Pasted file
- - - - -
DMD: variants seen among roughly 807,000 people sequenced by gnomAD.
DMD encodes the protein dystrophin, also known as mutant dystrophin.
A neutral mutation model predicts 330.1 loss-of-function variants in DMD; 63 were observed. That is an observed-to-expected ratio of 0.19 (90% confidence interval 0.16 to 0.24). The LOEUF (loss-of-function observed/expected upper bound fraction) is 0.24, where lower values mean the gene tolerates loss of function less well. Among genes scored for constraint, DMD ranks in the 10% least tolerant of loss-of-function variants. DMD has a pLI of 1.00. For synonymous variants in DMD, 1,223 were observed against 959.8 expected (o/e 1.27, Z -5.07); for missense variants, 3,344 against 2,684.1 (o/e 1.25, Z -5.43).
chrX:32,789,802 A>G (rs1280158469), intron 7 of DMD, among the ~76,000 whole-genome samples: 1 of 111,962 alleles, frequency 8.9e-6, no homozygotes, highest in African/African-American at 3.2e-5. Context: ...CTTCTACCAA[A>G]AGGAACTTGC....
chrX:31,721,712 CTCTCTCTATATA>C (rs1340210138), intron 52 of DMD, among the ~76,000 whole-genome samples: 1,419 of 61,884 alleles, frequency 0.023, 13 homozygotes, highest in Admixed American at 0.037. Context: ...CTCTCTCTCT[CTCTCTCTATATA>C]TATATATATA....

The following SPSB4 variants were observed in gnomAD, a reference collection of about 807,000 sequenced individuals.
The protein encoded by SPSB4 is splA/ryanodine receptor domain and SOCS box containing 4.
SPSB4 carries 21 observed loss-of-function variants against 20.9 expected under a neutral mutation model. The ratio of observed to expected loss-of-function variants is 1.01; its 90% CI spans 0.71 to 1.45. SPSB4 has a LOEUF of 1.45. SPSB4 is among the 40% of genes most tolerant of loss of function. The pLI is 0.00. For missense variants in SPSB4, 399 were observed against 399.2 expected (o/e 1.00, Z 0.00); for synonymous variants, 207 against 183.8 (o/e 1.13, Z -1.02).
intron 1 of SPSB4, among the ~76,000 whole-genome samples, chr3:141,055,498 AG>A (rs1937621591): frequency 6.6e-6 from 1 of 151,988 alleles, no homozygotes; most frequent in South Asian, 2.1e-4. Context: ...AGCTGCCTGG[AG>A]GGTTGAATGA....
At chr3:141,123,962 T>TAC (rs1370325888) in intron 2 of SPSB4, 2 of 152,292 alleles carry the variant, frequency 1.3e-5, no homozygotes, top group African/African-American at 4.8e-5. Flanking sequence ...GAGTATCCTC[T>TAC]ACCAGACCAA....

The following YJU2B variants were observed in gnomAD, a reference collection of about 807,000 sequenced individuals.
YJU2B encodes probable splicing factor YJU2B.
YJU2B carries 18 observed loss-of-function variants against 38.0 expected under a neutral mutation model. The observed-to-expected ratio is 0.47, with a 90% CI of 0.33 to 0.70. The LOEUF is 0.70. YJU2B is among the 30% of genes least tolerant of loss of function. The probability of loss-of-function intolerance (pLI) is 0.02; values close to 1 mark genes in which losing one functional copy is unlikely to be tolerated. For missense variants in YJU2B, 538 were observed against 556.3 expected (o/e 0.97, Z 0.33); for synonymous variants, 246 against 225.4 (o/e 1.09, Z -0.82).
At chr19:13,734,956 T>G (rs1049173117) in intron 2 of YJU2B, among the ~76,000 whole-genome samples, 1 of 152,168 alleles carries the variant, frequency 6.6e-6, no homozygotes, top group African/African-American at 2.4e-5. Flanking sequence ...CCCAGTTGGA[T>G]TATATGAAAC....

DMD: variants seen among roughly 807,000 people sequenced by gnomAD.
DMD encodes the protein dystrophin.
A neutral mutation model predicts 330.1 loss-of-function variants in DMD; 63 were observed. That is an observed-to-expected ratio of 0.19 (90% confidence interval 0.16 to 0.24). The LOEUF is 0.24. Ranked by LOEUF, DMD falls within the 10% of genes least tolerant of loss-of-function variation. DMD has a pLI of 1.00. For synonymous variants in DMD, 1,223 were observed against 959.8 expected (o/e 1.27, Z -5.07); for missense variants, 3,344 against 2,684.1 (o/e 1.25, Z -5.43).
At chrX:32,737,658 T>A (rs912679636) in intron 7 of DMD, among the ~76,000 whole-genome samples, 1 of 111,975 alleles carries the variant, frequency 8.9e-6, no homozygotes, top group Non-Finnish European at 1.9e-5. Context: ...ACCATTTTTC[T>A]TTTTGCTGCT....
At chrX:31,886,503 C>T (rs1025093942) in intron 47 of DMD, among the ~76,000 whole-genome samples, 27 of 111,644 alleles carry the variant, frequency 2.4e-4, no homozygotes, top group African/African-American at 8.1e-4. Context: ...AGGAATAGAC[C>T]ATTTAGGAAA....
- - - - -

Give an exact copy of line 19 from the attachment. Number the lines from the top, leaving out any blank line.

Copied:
At chrX:31,886,503 C>T (rs1025093942) in intron 47 of DMD, among the ~76,000 whole-genome samples, 27 of 111,644 alleles carry the variant, frequency 2.4e-4, no homozygotes, top group African/African-American at 8.1e-4. Context: ...AGGAATAGAC[C>T]ATTTAGGAAA....